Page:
When we walked back into the apartment, my roommate and I agreed to sleep in shifts so we could be extra cautious because we didn’t think the attacks were finished for the night. My roommate laid down on the couch and tried to fall asleep while I sat in my room on social media reading about Israel’s attacks on Gaza and Gaza’s attacks on Israel. I saw people celebrating the very rockets flying over my head. I was even receiving texts about how I am a settler Jew on stolen land and how Jews kill children in Gaza maliciously. It is devastating to see but antisemitism is not a new experience for me or my peers. I decided to engage in as many productive conversations as I could because it was the only thing I could control and the only way I could feel like I was helping. At one point I called my Arab friend from back home to talk to her because I knew we could have a meaningful dialogue. Just as my conversation with her was starting, rocket alerts began to blow up my phone and I heard another siren. This time it was not shocking, we all knew the drill. So, I yelled to wake up my roommate and told my friend I had to go find shelter now, and hung up the phone. I walked out the door and woke up the building again, making sure everyone was awake before I left. We sat half-awake in a basement hallway at 5 am wishing for the rockets to stop so we could finally fall asleep. We met even more Israelis in the shelter and had more great conversations. This time after the sirens stopped, we were hesitant to leave the shelter. It felt like there was not enough chaos for it to be over, but slowly we made our way back to our apartments joking about how we would see each other in a few minutes. Thankfully, we were wrong, and there were no more sirens that night. Some of us were able to get some rest before our safety meeting in the morning while others stayed up waiting for the next siren that never came. When the sun finally rose and the streets came alive again the adrenaline wore off and we were able to relax a little bit.
For me, I knew what I was signing up for when I planned my gap year in Israel. I wanted the Israeli experience this year, and I definitely experienced it. My parents and friends want me to come home early because of the tension, but my heart and soul definitely won’t let me. It is a privilege that I have a home where I know I can sleep safely each night. I could never leave my friends here in Israel early just to go back to that safety that they don’t have. This is their reality, and I’m glad I got to experience it and I’m thankful I am safe and everyone I know is safe. I believe that everything in life can teach you something if you let it, and through the sirens and my individual conversations over these past few days, I believe that no matter your identity, we all as people can agree that innocent people need to stop dying. Living through the conflict gave me a greater sense of responsibility in fighting for peace. Maybe opening up dialogue seems small but I am one person doing everything that I can and everything that I know how to do, and that has to count for something.”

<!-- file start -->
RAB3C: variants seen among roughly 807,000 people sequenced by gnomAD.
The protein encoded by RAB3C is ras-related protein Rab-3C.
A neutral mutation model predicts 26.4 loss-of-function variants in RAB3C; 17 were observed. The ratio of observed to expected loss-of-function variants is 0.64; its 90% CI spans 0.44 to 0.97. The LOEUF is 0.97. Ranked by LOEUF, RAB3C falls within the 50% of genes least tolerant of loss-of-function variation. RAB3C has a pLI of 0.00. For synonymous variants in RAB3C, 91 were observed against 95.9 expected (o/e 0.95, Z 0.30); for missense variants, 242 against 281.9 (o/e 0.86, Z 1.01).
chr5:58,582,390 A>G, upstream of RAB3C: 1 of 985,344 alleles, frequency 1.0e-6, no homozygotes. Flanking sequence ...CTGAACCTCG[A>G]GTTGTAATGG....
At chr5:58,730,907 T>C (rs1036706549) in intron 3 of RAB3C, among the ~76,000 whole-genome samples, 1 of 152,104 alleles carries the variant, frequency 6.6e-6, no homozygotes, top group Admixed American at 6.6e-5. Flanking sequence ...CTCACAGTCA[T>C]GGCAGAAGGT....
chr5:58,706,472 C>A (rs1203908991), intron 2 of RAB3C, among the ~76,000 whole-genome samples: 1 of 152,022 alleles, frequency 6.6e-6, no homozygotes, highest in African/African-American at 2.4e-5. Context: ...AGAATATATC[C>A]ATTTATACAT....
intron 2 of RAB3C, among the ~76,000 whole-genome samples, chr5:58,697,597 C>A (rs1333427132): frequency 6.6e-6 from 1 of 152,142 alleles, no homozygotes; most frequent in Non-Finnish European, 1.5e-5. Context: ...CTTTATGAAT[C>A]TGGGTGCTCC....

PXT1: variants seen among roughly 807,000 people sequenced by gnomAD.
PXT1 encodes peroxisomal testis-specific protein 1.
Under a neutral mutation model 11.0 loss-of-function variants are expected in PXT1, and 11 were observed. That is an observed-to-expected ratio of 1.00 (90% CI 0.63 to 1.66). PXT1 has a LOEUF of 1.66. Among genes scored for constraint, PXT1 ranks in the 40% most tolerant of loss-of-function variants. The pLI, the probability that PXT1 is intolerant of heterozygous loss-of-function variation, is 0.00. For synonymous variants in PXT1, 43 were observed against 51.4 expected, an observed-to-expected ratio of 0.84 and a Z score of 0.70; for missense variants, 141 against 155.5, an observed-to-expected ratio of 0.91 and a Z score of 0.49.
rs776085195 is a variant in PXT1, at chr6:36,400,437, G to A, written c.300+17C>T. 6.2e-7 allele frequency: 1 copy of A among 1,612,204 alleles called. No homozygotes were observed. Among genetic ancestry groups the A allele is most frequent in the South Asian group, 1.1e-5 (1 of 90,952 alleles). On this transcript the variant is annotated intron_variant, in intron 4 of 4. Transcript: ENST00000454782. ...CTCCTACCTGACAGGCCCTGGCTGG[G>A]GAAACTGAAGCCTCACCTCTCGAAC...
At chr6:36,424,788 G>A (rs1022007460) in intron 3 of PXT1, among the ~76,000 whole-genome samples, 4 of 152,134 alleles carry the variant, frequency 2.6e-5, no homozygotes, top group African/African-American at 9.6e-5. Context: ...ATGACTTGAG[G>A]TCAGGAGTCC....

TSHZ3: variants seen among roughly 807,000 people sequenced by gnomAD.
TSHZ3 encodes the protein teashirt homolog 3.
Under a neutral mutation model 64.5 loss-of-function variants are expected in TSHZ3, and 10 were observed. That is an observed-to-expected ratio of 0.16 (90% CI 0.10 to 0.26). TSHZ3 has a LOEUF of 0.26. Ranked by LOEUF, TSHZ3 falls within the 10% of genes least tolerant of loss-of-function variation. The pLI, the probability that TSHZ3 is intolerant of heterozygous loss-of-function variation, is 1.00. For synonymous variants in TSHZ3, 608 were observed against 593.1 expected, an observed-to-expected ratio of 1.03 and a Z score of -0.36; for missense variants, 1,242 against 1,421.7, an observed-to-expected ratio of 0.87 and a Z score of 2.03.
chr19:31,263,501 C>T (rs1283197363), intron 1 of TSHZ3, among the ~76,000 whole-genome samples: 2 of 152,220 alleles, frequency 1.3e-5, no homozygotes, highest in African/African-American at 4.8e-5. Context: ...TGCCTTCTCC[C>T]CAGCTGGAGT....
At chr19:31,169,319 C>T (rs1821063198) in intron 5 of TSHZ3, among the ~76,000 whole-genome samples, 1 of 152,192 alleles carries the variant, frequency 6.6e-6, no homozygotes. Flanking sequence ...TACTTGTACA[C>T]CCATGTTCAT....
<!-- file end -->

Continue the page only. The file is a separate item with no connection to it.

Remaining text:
Gap year in israel - aardvarkisrael
Gap year in israel - aardvarkisrael
Ava Rosen wrote about this week on Yazamut (Entrepreneurship):
“On Monday night, our madricha Didi told us to download a game from the app store and start to play it. Confused but interested, I opened the game called Match Masters and played a few rounds of matching shapes to gain points and beat my competitor. You work through the rounds and gain cool boosters and coins. The next day, we found out what this was all about. Our small group traveled to a WeWork office to meet the maker of this super fun game! His name was Tzur, and he told us all about his business. He started as a designer for game making, and after a few failed years and games, this one caught! Match Masters is #1 in Poland and Croatia. Their success has skyrocketed in the last few months, and it was awesome to see his pride as his and his colleagues’ hard work paid off. They have a few offices, and each area works on a different aspect of the company. We also spoke with two other people who worked on monetization and campaigns. I love when we meet people face to face and get a deep inside look at how they got started and how far they’ve come. It makes this big word “entrepreneurship” seem tangible.”
This week was the conclusion of our Big Idea track; here is what Jaclyn Josephson wrote about it:
“This past week in Big Idea we met to conclude our year. We spoke about moments in Big Idea when we were proud of ourselves, our favorite experiences, and how we believe we grew as people. For me, I spoke a lot about Impact Month, where we were tasked to code an app with the coding skills we gained in first semester. This task was extremely challenging. However, when partnering with my peers and working with our teacher, Tal, I found that collaboration and team work was the solution. It was an extremely rewarding experience to complete the app from start to finish”
This week in Selah:
On Monday, Jerusalem Day, despite being based in Tel Aviv, we took advantage of the train, and a mere half-hour of travel brought us to Jerusalem. We met with Rabbi Aaron Leibowitz, an activist and former City Council member. He discussed his work in creating a more just and equitable system for Kosher supervision and for weddings. He explained how the Prophets describe Jerusalem as a beacon of light and how he takes that seriously and hopes that his work will also provide hope and inspiration for others. We then shared a few poems about Jerusalem and discussed the tensions that are built into the city, especially in light of the current flare-up.
On Wednesday, we were supposed to meet with Estaban Gotfried and hear about his import work with Beit Tefila Yisraeli, but due to the situation, we cancelled the meeting and he was unable to meet us on Zoom, so we continued our Selah session about Torah study on Zoom.
In (th)INK! this week we had a great session introducing some of the major themes of next week’s Shavuot holiday, including how the celebration of the revelation at Mount Sinai is really a message of empowerment and agency in our own lives.
Gap year in israel - aardvarkisrael
Our Madricha on call this weekend is Maya.
Our Madrich on call on Shavuot is Ilan.
May we hear good news and stay safe.
Shabbat Shalom and Chag Sameach,